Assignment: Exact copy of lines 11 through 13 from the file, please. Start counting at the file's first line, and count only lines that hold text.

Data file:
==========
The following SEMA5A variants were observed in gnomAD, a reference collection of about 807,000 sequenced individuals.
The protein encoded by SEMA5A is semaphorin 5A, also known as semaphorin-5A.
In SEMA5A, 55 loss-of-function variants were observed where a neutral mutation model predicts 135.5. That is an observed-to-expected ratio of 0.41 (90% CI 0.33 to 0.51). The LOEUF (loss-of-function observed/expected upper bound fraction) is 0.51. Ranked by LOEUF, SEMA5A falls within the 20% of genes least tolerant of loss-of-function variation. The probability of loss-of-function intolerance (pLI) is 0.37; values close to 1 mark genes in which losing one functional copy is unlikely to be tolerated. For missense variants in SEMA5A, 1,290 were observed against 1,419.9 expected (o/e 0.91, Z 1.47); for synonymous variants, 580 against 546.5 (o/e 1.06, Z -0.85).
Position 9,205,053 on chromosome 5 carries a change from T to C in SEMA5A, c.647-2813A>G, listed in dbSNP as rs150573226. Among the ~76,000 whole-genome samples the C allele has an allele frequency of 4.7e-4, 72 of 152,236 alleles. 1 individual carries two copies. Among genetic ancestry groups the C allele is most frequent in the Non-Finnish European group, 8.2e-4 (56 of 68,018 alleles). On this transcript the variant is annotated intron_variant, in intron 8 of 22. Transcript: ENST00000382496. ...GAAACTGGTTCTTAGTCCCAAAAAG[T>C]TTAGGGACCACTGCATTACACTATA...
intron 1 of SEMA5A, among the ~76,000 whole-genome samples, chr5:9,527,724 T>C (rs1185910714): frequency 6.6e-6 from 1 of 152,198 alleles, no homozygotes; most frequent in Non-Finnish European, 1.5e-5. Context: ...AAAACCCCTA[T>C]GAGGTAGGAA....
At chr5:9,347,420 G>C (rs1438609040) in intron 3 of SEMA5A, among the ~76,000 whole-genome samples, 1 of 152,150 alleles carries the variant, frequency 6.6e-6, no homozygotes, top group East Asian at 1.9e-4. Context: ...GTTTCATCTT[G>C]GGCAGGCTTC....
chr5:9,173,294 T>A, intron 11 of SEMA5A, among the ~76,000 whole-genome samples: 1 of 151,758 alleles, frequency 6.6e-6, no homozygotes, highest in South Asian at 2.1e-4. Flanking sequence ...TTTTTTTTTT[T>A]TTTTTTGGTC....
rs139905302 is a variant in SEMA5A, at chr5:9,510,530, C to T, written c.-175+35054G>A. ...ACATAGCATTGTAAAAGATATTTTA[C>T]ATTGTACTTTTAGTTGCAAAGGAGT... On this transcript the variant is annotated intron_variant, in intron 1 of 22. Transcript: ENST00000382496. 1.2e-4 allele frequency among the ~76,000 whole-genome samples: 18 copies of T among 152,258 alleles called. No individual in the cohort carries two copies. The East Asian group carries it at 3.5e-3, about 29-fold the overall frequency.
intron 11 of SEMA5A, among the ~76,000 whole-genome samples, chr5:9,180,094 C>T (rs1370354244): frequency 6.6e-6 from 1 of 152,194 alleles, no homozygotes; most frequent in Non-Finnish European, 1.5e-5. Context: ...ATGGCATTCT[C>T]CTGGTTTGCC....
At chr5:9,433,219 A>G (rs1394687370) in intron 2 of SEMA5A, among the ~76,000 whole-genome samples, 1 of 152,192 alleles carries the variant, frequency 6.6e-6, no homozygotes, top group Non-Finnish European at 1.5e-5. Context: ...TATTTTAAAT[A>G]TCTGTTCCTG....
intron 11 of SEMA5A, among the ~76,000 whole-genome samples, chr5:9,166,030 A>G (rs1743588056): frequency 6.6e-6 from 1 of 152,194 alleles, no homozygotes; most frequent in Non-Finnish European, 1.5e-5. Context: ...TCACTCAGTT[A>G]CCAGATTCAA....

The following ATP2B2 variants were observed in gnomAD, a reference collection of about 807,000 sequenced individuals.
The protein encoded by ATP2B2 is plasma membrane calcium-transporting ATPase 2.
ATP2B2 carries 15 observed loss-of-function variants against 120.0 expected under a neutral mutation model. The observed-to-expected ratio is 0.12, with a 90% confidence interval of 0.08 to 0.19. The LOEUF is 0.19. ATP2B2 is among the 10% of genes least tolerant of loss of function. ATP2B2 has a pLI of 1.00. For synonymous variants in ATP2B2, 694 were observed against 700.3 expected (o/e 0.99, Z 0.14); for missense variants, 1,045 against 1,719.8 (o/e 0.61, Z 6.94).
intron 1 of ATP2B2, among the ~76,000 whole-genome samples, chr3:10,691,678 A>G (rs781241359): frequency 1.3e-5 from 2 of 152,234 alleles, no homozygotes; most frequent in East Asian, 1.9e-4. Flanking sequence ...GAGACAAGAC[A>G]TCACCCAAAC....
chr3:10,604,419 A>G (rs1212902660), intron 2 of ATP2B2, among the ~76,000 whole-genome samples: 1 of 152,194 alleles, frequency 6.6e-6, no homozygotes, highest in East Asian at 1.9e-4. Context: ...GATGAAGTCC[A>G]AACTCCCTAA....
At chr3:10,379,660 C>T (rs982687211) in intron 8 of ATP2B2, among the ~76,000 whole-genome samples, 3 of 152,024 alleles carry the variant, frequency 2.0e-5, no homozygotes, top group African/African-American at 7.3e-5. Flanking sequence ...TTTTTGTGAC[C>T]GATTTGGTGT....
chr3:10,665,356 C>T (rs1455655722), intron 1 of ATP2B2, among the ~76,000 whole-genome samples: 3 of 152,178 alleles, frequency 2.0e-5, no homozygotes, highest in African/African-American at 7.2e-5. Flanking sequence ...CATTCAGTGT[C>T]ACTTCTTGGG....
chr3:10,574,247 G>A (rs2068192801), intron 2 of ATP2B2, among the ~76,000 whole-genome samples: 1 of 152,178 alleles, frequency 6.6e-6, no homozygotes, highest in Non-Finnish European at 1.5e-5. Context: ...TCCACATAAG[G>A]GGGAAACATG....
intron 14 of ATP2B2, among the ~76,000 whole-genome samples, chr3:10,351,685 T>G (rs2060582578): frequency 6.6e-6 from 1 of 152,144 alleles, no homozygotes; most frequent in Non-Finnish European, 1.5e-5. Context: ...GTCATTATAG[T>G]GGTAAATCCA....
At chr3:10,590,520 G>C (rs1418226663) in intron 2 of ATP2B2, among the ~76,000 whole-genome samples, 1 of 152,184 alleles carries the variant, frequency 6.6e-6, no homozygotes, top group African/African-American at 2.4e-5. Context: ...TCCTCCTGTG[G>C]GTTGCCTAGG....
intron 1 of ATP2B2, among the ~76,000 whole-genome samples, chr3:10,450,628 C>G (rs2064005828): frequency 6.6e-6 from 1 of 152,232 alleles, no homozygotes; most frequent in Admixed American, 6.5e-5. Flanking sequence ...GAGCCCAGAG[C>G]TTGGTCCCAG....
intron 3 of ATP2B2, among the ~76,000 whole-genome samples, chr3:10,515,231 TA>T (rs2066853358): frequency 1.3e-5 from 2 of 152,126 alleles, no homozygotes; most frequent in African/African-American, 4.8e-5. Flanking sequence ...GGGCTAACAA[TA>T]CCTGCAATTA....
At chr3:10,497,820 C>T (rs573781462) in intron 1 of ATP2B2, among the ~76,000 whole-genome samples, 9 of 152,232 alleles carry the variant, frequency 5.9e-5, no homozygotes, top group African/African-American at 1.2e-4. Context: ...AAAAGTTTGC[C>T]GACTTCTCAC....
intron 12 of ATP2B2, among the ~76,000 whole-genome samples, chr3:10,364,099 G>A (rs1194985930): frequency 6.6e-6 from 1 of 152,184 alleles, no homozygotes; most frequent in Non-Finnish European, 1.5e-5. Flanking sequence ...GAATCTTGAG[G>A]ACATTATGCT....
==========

intron 11 of SEMA5A, among the ~76,000 whole-genome samples, chr5:9,166,030 A>G (rs1743588056): frequency 6.6e-6 from 1 of 152,194 alleles, no homozygotes; most frequent in Non-Finnish European, 1.5e-5. Context: ...TCACTCAGTT[A>G]CCAGATTCAA....

The following ATP2B2 variants were observed in gnomAD, a reference collection of about 807,000 sequenced individuals.
The protein encoded by ATP2B2 is plasma membrane calcium-transporting ATPase 2.